Choosing The Right Warehouse
Not All Warehouses are the Same
There are several types of warehouses and functions to keep in mind, along with many other aspects to consider when it comes selecting a warehouse location. When selecting a spot to hold your products or choosing a new one, you need to know how the warehouse can safely store your goods.
Private warehouses are either owned or leased buildings for the purpose of meeting a company’s specific storage and distribution requirements, which can include square footage, ceiling height, specific racking and conveyor systems designed for maximizing space and creating cost saving efficiencies.
Depending on the commodities stored, other factors need to be considered. For example, storing hazardous products carry a wide number of requirements from sprinkler systems to blast-proof rooms constructed to minimize damage in case of a spill. Climate control, lighting and government safety regulations also need to be considered.
Cold storage operations can also fall under private warehouses. These facilities are constructed with the intent of storing perishables such as fresh or frozen foods, certain pharmaceuticals, even certain packaging materials require some element of climate controls. Keep in mind humidity is also a climate control concern. These facilities are closely monitored to insure the temperature requirements for the commodities stored are within specific tolerances to assure consistent quality requirements are achieved.
Public warehouses are used as independent units for storing a multitude of different commodities. This provides manufacturers or distributors a variety of services depending on individual customer need, and a variety of different clients can be served within a single building or buildings.
The advantage for you is a lower cost of distribution since the costs are shared by all clients storing product at the warehouse. This model also allows for you to be flexible based on space consumed unlike in a fixed-cost private warehouse.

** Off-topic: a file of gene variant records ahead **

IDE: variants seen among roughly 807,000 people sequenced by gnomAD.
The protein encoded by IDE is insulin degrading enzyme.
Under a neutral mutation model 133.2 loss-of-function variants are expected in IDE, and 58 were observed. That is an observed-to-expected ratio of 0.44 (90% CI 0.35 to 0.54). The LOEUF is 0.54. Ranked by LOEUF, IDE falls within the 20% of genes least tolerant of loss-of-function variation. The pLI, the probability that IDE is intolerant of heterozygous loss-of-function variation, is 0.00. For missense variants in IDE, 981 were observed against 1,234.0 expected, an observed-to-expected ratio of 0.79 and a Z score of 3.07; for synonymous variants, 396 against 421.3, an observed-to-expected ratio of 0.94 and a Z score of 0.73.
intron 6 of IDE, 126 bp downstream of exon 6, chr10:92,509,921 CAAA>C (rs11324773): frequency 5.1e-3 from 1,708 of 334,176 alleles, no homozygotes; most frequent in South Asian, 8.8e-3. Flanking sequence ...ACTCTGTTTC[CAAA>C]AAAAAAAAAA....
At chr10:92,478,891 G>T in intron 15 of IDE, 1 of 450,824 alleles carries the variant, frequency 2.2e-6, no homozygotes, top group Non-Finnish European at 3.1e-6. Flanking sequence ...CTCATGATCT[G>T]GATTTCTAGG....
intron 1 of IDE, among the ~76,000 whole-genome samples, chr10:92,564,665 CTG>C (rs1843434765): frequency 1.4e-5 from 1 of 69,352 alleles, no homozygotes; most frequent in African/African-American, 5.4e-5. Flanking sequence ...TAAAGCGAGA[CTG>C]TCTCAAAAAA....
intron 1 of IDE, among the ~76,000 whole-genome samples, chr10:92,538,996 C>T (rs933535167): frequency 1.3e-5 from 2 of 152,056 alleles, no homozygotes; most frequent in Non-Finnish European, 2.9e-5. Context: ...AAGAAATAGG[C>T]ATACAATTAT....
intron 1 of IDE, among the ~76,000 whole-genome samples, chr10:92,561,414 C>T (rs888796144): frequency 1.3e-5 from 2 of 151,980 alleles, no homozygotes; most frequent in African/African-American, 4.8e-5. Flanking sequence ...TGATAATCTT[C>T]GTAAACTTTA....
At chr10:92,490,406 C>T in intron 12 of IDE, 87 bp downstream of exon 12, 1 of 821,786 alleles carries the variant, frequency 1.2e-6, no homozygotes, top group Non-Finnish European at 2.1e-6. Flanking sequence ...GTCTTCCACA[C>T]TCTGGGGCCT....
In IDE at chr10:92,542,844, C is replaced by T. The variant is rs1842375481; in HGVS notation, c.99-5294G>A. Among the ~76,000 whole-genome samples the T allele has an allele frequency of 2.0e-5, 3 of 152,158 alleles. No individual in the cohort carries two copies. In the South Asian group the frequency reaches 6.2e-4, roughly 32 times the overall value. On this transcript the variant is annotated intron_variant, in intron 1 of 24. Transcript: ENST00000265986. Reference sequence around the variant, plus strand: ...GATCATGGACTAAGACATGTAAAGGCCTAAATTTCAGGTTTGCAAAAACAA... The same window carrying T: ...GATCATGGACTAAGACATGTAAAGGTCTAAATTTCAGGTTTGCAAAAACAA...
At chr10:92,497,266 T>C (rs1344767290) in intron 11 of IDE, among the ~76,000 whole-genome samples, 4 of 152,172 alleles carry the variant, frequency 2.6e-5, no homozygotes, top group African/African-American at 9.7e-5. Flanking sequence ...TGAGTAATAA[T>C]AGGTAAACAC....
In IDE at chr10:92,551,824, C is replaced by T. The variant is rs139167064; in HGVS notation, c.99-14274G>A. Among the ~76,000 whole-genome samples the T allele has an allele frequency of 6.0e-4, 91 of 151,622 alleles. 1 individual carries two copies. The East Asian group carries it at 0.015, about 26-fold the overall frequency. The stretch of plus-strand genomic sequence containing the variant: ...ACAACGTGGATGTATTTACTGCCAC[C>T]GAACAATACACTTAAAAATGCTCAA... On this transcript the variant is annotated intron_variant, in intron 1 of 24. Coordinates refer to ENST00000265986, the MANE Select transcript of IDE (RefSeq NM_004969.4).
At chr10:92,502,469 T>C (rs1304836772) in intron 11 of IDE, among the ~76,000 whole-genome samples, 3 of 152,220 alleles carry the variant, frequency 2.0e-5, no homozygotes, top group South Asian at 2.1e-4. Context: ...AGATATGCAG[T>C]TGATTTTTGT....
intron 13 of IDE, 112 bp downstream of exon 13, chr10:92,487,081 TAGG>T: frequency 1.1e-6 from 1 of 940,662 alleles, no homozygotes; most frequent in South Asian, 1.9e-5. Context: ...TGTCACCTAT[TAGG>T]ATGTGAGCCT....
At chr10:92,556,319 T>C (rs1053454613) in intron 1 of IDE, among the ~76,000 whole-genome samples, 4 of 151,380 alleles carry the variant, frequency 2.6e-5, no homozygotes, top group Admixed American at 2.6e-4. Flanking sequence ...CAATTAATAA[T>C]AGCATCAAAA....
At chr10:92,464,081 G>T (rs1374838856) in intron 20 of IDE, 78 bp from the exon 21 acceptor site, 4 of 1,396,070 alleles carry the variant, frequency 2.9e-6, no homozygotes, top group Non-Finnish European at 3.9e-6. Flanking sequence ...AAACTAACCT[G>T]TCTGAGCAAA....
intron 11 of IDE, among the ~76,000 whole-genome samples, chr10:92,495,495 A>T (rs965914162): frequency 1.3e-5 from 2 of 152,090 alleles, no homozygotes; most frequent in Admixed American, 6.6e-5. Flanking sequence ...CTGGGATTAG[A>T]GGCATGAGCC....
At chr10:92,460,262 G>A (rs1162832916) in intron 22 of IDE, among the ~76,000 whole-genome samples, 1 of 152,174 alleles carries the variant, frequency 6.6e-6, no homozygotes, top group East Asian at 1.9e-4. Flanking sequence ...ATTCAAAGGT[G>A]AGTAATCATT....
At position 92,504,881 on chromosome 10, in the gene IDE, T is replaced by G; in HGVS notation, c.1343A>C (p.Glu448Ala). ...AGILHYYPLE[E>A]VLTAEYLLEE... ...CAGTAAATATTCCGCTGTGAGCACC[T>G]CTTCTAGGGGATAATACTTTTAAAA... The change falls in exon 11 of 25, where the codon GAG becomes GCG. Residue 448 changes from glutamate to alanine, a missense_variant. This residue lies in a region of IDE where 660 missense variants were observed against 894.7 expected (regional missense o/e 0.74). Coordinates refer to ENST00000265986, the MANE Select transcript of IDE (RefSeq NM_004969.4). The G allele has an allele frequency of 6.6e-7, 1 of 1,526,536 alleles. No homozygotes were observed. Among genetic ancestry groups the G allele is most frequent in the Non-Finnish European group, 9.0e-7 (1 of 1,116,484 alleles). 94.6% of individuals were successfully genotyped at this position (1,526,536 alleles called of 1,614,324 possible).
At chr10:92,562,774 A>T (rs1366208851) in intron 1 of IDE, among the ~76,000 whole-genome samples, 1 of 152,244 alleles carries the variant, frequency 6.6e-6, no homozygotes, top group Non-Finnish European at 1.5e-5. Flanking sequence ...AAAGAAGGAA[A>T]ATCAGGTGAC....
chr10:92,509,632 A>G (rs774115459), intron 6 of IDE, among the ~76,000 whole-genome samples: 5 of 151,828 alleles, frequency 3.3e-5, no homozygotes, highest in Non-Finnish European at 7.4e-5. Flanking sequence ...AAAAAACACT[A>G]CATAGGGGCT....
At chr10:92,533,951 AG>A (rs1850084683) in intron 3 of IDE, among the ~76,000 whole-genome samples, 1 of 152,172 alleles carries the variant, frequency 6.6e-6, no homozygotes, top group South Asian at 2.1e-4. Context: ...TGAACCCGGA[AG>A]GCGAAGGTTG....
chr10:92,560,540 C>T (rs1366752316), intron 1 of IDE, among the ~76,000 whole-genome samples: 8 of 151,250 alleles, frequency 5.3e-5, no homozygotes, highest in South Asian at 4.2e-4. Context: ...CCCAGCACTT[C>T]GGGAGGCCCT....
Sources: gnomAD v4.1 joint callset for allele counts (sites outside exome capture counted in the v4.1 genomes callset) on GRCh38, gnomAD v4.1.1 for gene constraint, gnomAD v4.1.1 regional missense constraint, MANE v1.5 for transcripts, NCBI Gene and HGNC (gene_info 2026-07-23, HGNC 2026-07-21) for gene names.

The services provided in a public warehouse range from unloading trailers or containers, performing quality inspections on inbound materials, storage and inventory management. Other services provided range from order fulfillment, labeling, managing the outbound shipping process and order status updates to the owner of the goods. A good example of this is our Midwest warehousing services.
Modern warehouse operators take advantage of Warehouse Management Systems (WMS). A WMS provides the operator with administrative efficiencies and the client with a virtual warehouse that provides visibility from any computer or mobile device.
Bonded warehouses are licensed by the government for accepting imported goods, which are released to importers on payment of custom duties, for storage. These warehouses are typically built at sea ports or dry ports in larger cities. They may be owned by either dock authorities or private individuals.
These warehouses work under the strict supervision and control of custom authorities in the country of the warehouse. You may be offered tax advantages on imported goods stored in these warehouses.
Through a bonded warehouse, you will only pay duty on the portion of the product released instead of one full duty payment. However, this only happens if portions of the original import remain within the bonded facility until needed.
Cooperative (or co-op) warehouses are used in towns or cities that fall under the Cooperative Societies Act of 1925. Individuals can store goods on a rent basis and subsequently pay less than they would with a private warehouse. Non-members can also benefit from storing goods by paying warehouse rent.
Co-ops usually store agricultural commodities, and they share expenses among participants.
Inbound and Outbound Orders
The inbound process is receiving an item and placing it in storage, but there are certain elements of the inbound process that you should be thinking about:
- Inspecting products prior to receiving them into storage
- Repackaging products before storing (if needed)
- Labeling goods that the suppliers neglect to label with barcodes
- Enriching data that might not be initially available about the goods (such as expiration dates)
Administrators perform outbound processes following storage, including order picking and packing the item to make it ready for shipping. Preparations can include putting items in boxes and labeling them appropriately.
Most WMS systems help maintain efficiency of operation for inbound and outbound orders because they can be your virtual warehouse so you know exactly what's in storage, what needs to be refilled and what may need to be relabeled or shipped out.
Accessibility to the Market
A key consideration when choosing a warehouse location is where will it be in relation to your customers. You’ll ultimately have a competitive advantage if your warehouse is physically located near customers due to reduced shipping times (and costs!).
This can help your warehouse or partners be more efficient, helping you save money in the long run. Combining the convenience of your warehouse's location and its efficient systems (like a WMS) can ensure that both you and your customers are consistently satisfied.